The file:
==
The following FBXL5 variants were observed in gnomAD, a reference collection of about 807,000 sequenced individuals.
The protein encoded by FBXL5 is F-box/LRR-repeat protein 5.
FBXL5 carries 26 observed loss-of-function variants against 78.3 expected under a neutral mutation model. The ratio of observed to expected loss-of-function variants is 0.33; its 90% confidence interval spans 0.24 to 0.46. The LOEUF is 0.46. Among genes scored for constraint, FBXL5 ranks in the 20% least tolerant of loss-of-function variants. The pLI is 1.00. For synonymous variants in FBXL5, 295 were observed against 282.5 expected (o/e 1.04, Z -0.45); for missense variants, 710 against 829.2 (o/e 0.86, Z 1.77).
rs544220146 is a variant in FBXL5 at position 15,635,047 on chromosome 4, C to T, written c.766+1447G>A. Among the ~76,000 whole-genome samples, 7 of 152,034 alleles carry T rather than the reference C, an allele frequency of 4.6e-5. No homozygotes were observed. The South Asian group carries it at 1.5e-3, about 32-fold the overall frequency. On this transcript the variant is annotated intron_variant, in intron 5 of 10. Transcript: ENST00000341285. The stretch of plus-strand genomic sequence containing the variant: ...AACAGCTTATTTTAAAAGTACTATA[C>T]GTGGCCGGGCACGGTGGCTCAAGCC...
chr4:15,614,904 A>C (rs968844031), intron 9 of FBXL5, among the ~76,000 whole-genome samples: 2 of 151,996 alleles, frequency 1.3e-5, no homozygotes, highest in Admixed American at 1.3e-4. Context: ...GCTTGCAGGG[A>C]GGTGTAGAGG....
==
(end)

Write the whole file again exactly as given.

The following FBXL5 variants were observed in gnomAD, a reference collection of about 807,000 sequenced individuals.
The protein encoded by FBXL5 is F-box/LRR-repeat protein 5.
FBXL5 carries 26 observed loss-of-function variants against 78.3 expected under a neutral mutation model. The ratio of observed to expected loss-of-function variants is 0.33; its 90% confidence interval spans 0.24 to 0.46. The LOEUF is 0.46. Among genes scored for constraint, FBXL5 ranks in the 20% least tolerant of loss-of-function variants. The pLI is 1.00. For synonymous variants in FBXL5, 295 were observed against 282.5 expected (o/e 1.04, Z -0.45); for missense variants, 710 against 829.2 (o/e 0.86, Z 1.77).
rs544220146 is a variant in FBXL5 at position 15,635,047 on chromosome 4, C to T, written c.766+1447G>A. Among the ~76,000 whole-genome samples, 7 of 152,034 alleles carry T rather than the reference C, an allele frequency of 4.6e-5. No homozygotes were observed. The South Asian group carries it at 1.5e-3, about 32-fold the overall frequency. On this transcript the variant is annotated intron_variant, in intron 5 of 10. Transcript: ENST00000341285. The stretch of plus-strand genomic sequence containing the variant: ...AACAGCTTATTTTAAAAGTACTATA[C>T]GTGGCCGGGCACGGTGGCTCAAGCC...
chr4:15,614,904 A>C (rs968844031), intron 9 of FBXL5, among the ~76,000 whole-genome samples: 2 of 151,996 alleles, frequency 1.3e-5, no homozygotes, highest in Admixed American at 1.3e-4. Context: ...GCTTGCAGGG[A>C]GGTGTAGAGG....